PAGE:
Australian non-perennial rivers: Global lessons and research opportunities

Shanafield, Margaret and Blanchette, Melanie and Daly, Edoardo and Wells, Naomi and Burrows, Ryan and Korbel, Katherine and Rau, Gabriel and Bourke, Sarah and Wakelin-King, Gresley and Holland, Aleicia and Ralph, Timothy and McGrath, Gavin and Robson, Belinda and Fowler, Keirnan and Andersen, Martin and Yu, Songyan and Jones, Christopher and Waltham, Nathan and Banks, Eddie and Flatley, Alissa and Leigh, Catherine and Maxwell, Sally and Siebers, Andre and Bond, Nick and Beesley, Leah and Hose, Grant and Iles, Jordan and Cartwright, Ian and Reid, Michael and de Castro Taylor, Thiaggo and Duvert, Clement (2024) Australian non-perennial rivers: Global lessons and research opportunities. Journal of Hydrology, 634. ISSN 0022-1694

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Non-perennial rivers are valuable water resources that support millions of humans globally, as well as unique riparian ecosystems. In Australia, the Earth’s driest inhabited continent, over 70% of rivers are non-perennial due to a combination of ancient landscape, dry climates, highly variable rainfall regimes, and human interventions that have altered riverine environments. Here, we review Australian non-perennial river research incorporating geomorphology, hydrology, biogeochemistry, ecology, and Indigenous knowledges. The dominant research themes in Australia were drought, floods, salinity, dryland ecology, and water management. Future research will likely follow these themes but must address emerging threats to river systems due to climate change and other anthropogenic impacts. Four high level opportunities for future research are identified, namely: (1) integrating Indigenous and western scientific knowledge; (2) quantifying climate change impacts on hydrological and biological function; (3) clarifying the meaning and measurement of “restoration” of non-perennial systems; and (4) understanding the role of groundwater. These challenges will require inter- and multi-disciplinary efforts supported by technological advances. The evolving body of knowledge about Australian rivers provides a foundation for comparison with other dryland areas globally where recognition of the importance of non-perennial rivers is expanding.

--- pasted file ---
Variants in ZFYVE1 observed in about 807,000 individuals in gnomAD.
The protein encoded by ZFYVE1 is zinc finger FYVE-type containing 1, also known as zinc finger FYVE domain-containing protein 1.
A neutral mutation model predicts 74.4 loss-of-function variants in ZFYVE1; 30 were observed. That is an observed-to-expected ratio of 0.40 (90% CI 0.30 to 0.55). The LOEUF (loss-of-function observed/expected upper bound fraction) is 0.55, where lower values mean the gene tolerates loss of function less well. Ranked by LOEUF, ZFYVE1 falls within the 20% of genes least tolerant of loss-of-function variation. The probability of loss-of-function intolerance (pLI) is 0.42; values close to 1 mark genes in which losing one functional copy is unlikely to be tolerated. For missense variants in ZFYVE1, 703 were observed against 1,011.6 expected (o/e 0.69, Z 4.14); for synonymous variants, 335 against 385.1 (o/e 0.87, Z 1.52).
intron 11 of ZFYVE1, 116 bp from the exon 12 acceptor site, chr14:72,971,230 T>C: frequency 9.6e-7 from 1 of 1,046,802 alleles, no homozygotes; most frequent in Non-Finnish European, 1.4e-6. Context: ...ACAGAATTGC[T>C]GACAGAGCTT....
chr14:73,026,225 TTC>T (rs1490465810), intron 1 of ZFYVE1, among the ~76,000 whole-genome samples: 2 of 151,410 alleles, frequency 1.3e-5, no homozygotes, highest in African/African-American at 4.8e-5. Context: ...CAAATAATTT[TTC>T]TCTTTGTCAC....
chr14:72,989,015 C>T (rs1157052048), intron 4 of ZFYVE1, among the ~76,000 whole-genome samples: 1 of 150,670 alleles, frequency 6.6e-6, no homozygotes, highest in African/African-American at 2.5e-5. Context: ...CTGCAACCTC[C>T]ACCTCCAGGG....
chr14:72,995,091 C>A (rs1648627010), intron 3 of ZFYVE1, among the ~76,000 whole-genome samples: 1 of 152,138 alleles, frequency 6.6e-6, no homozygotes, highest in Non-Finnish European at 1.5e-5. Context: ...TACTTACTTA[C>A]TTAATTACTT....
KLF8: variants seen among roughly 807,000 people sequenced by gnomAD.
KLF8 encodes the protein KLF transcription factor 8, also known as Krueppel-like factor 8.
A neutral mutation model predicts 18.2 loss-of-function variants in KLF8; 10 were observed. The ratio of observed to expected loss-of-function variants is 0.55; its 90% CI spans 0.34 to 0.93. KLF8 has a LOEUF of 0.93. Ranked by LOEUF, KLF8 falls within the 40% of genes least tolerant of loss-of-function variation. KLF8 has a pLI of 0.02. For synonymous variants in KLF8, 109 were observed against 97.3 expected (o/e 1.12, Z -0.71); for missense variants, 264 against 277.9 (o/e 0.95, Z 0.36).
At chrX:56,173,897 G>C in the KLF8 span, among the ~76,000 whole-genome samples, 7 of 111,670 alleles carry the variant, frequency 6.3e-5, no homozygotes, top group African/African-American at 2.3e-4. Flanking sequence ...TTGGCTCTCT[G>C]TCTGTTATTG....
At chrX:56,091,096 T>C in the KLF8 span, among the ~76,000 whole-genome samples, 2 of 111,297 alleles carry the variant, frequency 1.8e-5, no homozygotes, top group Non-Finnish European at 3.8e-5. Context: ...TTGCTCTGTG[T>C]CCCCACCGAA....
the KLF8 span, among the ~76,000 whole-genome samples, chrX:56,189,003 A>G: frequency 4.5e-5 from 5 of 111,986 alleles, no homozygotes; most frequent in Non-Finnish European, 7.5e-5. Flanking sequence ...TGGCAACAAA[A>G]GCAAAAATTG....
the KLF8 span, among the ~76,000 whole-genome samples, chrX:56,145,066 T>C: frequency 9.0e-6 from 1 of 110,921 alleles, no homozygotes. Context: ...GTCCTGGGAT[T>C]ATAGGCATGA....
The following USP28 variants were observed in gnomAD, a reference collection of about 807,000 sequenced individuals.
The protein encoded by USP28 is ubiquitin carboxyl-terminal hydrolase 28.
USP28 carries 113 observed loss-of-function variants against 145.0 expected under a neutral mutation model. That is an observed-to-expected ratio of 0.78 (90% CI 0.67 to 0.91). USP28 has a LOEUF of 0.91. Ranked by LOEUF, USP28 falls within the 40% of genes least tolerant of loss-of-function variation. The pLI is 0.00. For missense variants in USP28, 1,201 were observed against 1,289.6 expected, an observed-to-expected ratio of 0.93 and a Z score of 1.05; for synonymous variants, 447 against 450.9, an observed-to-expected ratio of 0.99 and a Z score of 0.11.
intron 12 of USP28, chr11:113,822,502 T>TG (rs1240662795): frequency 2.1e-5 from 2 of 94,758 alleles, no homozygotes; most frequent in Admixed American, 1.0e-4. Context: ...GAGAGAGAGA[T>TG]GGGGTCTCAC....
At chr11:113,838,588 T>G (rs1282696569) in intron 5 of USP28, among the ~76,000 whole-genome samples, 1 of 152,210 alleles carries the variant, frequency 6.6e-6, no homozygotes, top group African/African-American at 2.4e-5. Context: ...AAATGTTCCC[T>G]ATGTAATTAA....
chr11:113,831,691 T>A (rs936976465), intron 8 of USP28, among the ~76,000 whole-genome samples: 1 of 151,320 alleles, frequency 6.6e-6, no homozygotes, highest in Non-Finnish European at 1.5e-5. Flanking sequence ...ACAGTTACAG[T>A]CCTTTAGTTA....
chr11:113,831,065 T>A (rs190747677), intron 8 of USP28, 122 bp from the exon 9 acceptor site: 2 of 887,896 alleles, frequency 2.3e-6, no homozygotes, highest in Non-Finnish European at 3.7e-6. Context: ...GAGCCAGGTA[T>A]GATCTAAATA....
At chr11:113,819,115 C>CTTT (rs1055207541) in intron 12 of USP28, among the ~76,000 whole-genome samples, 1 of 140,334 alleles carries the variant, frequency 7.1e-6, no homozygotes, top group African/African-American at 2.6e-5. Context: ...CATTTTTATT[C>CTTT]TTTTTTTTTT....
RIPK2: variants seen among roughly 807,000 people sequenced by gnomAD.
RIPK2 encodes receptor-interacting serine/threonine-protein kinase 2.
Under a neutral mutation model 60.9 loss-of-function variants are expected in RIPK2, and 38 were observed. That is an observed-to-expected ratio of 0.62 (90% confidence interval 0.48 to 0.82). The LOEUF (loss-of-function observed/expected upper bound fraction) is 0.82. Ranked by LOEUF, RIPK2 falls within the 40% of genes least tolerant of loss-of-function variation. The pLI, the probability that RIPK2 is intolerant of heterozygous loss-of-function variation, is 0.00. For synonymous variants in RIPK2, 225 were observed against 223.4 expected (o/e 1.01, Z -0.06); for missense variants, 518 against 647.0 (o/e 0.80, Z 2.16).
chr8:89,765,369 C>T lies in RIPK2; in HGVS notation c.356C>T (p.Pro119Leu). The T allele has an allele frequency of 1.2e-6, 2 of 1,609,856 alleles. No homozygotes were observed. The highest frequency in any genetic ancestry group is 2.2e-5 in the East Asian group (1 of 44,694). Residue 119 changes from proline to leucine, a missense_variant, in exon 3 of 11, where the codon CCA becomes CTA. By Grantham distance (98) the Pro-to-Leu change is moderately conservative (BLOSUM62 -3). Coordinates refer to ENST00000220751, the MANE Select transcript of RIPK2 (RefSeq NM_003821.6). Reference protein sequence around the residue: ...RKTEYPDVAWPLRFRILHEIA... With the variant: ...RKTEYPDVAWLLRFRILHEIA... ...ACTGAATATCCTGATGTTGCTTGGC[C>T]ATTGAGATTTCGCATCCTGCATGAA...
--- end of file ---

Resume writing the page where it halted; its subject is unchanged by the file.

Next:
Item Type: Article
Uncontrolled Keywords: Non-perennial Rivers Australia Drought refugia Ephemeral rivers Arid zone hydrology Indigenous knowledge
Subjects: G Geography. Anthropology. Recreation > G Geography (General)
G Geography. Anthropology. Recreation > GB Physical geography
G Geography. Anthropology. Recreation > GE Environmental Sciences
Divisions: Institutes and Academies > Wales Institute for Science & Art (WISA) > Academic Discipline: Engineering
Depositing User: Alissa Flatley
Date Deposited: 20 Mar 2024 11:23
Last Modified: 22 May 2024 14:31

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